Talking animals are nothing new to Disney flicks, but the characters in Lady are some of the closest to real animals that I’ve seen in an animated movie of this sort. The characters in Lady act more or less like actual dogs, walking, digging, and behaving in a realistic manner, helping sell the audience that these guys could be someone’s pets (it certainly works better than wanting it both ways).
One totally non-PC element I found consistently entertaining throughout the film was its liberal use of ethnic stereotyping. Each of the different dogs has an accent according to its breed; the English bulldog speaks in Cockney, the Chihuahua has a Mexican drawl, and the Borzoi sounds like Boris Badenov. There’s also an Irish police officer, Italian chef, and a German family that serves the Tramp Wiener Schnitzel (jawohl!). Fortunately, the characterization of all of these side players is pretty nice, without the generally tasteless depictions that were around more in the 40’s and 50’s (with one exception that I’m cringing about even now).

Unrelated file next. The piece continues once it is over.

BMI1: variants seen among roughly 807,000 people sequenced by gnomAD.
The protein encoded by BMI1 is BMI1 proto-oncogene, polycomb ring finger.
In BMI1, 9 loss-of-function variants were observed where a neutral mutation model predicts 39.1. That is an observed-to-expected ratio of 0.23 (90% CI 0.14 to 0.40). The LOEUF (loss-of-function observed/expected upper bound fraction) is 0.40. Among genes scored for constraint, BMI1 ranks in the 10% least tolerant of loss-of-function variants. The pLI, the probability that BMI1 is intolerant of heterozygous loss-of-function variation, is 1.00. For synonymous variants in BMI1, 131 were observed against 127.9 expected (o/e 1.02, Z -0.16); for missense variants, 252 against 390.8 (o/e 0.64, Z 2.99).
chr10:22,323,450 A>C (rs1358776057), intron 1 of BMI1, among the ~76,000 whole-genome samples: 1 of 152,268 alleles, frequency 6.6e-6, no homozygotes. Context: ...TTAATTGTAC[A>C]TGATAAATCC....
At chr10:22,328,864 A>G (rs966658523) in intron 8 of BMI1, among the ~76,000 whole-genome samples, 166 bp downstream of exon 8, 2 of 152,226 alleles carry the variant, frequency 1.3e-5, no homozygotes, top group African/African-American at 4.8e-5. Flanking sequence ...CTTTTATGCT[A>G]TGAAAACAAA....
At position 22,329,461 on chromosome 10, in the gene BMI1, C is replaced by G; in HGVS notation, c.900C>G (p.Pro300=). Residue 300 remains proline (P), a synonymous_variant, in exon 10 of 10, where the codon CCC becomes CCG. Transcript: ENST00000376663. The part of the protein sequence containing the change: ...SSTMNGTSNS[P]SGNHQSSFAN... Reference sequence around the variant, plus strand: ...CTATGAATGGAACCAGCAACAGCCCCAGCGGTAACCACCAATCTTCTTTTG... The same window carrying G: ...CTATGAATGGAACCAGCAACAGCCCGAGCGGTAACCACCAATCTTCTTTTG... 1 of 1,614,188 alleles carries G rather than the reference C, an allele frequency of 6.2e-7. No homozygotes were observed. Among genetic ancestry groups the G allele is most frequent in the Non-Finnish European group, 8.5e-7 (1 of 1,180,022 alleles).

This is Pedro. Tito from Oliver & Company's great grandfather? You decide, dear readers. You decide.
Even though “Bella Notte” is the main song remembered from Lady and the Tramp, the movie has a fair few catchy numbers. The opening Christmas carol, “Peace on Earth,” does wonders for setting up the mood of the film, while “The Siamese Cat Song” is another non-PC bit of catchiness (though, let’s face it, it could be a lot worse). My favorite, though, is Peggy Lee’s own “He’s a Tramp;” I’m a huge Peggy Lee fan, and she brings her signature sizzle to the tune that makes me ooze into the carpet.